Abstract- Clarisse Bardiot

The Artists and Engineers of 9 Evenings

9 Evenings, Theatre & Engineering was presented in New York in 1966. An interdisciplinary project blending avant-garde theatre, dance and new technologies, the festival brought together 10 artists, including Robert Rauschenberg, John Cage, Lucinda Childs, Robert Whitman and many others, as well as some 30 engineers from Bell Telephone Laboratories (Murray Hill, N.J., U.S.).
This study grew out of, and around, diagrams that were published in the program for 9 Evenings. Completed by Herb Schneider, a Bell Labs engineer, between the end of September and the beginning of October 1966, they are a visual affirmation of the festival's mandate, the symbol of an encounter between the artist and the engineer.__
The development of the performance diagrams for 9 Evenings represents a key moment. Artists and engineers not only had to develop new working methods, but to find a common language a well. The performance diagrams would supply the necessary bridge. Starting out as a tool that enabled the artists and engineers to communicate with one another, they also came to serve as catalysts for original technological solutions, as the use of a control panel that would make it possible to interconnect all the components.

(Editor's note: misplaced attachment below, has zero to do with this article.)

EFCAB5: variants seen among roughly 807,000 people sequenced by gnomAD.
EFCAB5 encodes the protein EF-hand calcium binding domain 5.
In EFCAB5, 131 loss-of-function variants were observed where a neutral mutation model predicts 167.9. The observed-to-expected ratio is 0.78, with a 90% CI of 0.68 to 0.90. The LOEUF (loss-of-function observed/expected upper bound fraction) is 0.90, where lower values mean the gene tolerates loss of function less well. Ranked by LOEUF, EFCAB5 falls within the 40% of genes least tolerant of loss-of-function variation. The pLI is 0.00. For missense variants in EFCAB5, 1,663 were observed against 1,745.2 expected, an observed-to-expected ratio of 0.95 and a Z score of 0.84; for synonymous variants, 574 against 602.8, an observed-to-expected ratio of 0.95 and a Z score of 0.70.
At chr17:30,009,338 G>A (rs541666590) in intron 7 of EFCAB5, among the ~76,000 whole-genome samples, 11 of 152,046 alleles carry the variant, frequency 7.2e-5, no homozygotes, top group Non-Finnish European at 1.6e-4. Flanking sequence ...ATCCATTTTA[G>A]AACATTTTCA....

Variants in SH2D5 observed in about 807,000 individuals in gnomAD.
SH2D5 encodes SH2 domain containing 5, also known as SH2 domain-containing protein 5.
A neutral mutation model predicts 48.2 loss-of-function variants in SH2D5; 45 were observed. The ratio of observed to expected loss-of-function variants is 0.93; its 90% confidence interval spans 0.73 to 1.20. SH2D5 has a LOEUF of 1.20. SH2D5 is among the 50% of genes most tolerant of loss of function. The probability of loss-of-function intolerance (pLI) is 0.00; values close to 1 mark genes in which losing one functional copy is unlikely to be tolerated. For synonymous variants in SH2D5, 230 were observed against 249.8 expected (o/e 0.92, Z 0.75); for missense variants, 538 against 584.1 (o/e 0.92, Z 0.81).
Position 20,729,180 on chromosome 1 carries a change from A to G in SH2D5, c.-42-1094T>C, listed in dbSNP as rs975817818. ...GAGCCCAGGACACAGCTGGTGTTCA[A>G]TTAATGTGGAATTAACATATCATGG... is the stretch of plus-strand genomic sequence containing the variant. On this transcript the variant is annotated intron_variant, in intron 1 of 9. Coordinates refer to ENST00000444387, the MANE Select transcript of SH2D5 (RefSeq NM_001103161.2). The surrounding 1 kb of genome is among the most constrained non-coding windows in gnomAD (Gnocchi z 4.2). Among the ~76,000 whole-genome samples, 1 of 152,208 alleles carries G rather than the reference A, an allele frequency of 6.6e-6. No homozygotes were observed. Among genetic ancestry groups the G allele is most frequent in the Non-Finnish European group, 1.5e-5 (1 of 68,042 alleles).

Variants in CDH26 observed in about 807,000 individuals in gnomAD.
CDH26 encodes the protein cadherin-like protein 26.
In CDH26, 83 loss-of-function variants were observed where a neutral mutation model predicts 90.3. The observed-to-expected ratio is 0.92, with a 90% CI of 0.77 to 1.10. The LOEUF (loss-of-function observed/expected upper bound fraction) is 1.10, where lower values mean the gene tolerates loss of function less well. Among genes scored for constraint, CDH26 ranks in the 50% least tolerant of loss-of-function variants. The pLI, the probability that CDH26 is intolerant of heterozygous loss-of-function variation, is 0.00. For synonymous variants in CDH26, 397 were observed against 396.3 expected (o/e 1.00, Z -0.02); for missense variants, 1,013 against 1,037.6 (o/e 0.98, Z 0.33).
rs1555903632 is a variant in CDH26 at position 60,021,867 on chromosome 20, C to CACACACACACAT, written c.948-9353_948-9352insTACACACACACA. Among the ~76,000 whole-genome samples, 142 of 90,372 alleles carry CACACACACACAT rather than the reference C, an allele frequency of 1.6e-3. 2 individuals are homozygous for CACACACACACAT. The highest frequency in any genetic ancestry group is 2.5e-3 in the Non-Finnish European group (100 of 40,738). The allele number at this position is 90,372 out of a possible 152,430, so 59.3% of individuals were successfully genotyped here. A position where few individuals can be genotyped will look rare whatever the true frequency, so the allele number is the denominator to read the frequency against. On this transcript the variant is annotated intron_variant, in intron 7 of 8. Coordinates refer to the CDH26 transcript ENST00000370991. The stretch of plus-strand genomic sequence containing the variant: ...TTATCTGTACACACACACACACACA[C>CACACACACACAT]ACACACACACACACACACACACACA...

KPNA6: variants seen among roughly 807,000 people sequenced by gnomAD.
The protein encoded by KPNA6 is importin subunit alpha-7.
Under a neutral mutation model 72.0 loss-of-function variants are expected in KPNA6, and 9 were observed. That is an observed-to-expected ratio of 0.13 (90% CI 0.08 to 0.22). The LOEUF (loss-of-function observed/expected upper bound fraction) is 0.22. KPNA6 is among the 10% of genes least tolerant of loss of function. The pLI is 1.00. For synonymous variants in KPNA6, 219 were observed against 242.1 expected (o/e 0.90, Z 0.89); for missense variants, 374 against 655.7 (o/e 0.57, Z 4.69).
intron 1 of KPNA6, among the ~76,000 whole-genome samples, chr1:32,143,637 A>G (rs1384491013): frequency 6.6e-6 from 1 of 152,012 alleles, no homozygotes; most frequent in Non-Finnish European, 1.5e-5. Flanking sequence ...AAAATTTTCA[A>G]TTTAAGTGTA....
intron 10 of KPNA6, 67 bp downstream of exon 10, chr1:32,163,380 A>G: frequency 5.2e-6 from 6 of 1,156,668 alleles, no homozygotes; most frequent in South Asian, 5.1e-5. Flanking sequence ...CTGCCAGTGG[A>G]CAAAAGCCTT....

In a web publication, I offer an analysis of the content of the diagrams by comparing them to visual material (notably the factual footage produced by Alfons Schilling), eyewitness accounts of the festival, and archival documents. This analysis enables us to understand how the artists conceived of technology within the context of live performance. It also shows quite clearly that combining the same elements did not impose an identical aesthetic on all the performances. Finally, it allows us to consider 9 Evenings as one of the very first experiments to apply computer science principles in the context of live performances — even though the technology used was analog.
Web publication : http://www.fondation-langlois.org/e/9evenings/